A political row erupted over the number of Covid-19 fatalities in the country as Congress leader Rahul Gandhi on Sunday said that four million Indians died during the pandemic due to Centre’s “negligence”, citing a US newspaper report which said New Delhi is trying to stall a WHO analysis of “excess mortality” that the Indian government alleged employed flawed mathematical modelling.
Gandhi made allegations in a tweet on Sunday along with a screenshot New York Times report dated April 16 that said the World Health Organization’s (WHO) efforts to make global Covid death toll public has been “delayed for months because of objections from India”.
A day earlier, the Union health ministry had responded to the article and said India has been in “regular and in-depth technical exchange with WHO on the issue”. “India’s basic objection has not been with the result (whatever they might have been) but rather the methodology adopted for the same,” the Union health ministry had said in a statement.
On Sunday, Gandhi targeted Prime Minister Narendra Modi on Twitter. “Modi ji neither speaks the truth, nor lets others speak. He still lies that no one died due to oxygen shortage!” the former Congress president alleged in a tweet in Hindi.
“I had said earlier as well – due to the negligence of the government during Covid, not five lakh, but 40 lakh Indians died,” Gandhi said, adding: “Fulfil your responsibility, Modi ji – give compensation of ₹4 lakh to every (Covid) victim’s family.”
According to Union health ministry data, a total of 521,751 people had lost their lives to Covid-19 across India till Sunday morning.
HT reached out to Bharatiya Janata Party (BJP) leaders for a comment on the allegations but did not get one immediately.
The New York Times report in question had said that an effort by WHO to calculate the real global death toll from the pandemic “has been delayed for months because of objections from India, which disputes the calculation of how many of its citizens died and has tried to keep it from becoming public”.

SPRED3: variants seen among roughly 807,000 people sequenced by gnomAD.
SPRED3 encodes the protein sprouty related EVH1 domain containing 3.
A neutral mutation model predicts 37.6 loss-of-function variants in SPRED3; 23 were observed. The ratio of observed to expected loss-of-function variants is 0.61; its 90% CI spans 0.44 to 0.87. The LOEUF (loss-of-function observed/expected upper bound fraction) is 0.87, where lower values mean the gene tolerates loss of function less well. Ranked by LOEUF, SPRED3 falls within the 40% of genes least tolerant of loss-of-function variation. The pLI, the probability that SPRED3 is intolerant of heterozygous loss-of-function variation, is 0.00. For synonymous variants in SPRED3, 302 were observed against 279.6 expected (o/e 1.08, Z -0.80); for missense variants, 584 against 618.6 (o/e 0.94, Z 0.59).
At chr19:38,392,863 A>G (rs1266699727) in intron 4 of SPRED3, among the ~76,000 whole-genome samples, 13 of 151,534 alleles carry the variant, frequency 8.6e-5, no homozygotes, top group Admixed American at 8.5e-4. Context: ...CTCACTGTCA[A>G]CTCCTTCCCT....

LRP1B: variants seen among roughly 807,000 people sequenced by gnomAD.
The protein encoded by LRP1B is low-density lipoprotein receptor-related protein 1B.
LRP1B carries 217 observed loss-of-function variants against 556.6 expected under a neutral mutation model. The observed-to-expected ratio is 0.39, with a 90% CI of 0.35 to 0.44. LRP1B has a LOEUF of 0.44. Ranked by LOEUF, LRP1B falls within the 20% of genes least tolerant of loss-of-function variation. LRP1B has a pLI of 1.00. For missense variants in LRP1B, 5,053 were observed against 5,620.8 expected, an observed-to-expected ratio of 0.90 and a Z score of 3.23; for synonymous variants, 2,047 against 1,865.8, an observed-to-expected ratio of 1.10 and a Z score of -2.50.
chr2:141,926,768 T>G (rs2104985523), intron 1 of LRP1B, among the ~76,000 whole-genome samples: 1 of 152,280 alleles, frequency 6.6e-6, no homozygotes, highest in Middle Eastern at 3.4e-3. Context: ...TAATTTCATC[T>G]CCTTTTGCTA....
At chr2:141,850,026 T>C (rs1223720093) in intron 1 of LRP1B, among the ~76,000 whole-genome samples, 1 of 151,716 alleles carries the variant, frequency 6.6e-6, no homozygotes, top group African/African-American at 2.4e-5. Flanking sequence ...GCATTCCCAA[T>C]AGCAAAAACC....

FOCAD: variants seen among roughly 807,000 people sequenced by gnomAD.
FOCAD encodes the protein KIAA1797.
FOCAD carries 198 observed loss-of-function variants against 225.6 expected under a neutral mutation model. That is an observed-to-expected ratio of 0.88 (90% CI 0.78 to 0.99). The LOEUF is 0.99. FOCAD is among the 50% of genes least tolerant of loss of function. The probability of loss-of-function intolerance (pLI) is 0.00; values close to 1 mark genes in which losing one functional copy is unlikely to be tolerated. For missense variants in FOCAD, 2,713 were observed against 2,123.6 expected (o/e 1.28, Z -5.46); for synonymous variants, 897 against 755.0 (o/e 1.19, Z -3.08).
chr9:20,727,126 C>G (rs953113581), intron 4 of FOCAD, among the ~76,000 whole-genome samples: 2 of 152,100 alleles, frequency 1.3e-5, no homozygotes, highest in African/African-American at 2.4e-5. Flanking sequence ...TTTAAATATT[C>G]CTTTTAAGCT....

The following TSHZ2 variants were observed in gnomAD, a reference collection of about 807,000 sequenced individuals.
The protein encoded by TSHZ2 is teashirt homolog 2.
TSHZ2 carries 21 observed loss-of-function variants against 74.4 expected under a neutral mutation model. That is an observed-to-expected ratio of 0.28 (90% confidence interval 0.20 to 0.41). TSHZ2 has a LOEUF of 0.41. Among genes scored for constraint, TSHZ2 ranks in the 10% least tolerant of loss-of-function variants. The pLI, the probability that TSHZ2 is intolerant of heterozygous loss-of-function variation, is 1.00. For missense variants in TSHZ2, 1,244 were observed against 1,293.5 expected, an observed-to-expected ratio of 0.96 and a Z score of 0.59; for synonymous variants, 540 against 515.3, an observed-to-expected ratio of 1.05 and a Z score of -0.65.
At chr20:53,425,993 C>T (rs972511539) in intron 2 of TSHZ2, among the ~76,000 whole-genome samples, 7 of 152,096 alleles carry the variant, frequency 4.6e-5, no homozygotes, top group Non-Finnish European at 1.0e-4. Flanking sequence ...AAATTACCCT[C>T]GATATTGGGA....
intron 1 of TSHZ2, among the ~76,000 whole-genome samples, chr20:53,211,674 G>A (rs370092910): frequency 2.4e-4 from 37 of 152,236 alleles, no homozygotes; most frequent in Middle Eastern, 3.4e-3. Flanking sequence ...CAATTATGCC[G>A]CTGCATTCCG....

“The WHO will show the country’s toll is at least four million,” according to the report.
It added that WHO is working on an analysis that seeks to measure the true death toll from the now two-year-long global pandemic by setting up a “Technical advisory group on Covid-19 mortality assessment”.
“Excess death” is a term that refers to the total number of deaths occurring due to all causes during a crisis that is above and beyond what would have been expected under regular conditions. To be sure, not all such deaths may be due to Covid-19, but during a pandemic an abrupt rise in fatalities is likely to be either directly or indirectly caused by the outbreak.
Responding to the NYTimes report titled ‘India is stalling WHO’s efforts to make global Covid death toll public’, the government on Saturday questioned WHO’s methodology to estimate Covid-19 deaths in the country, saying using a mathematical modelling process for Tier-II countries (including India) cannot be applied to estimate the death figures for such a vast nation of geographical size and population.
“The concern specifically includes on how the statistical model projects estimate for a country of geographical size and population of India and also fits in with other countries which have smaller population,” it added.
The government added that it was yet to receive a satisfactory response from WHO despite raising concerns over the methodology through a series of formal communications, including six letters between November 17, 2021 and March 2 this year.
Furthermore, the health ministry raised concerns over WHO’s use of covariates like income group, age-sex distribution and containment measures, along with the choice of not using test positivity rate in the analysis.
“While India has expressed above and such similar concerns with WHO but a satisfactory response is yet to be received from WHO… India believes that in-depth clarity on methodology and clear proof of its validity are crucial for policy makers to feel confident about any use of such data,” the statement added.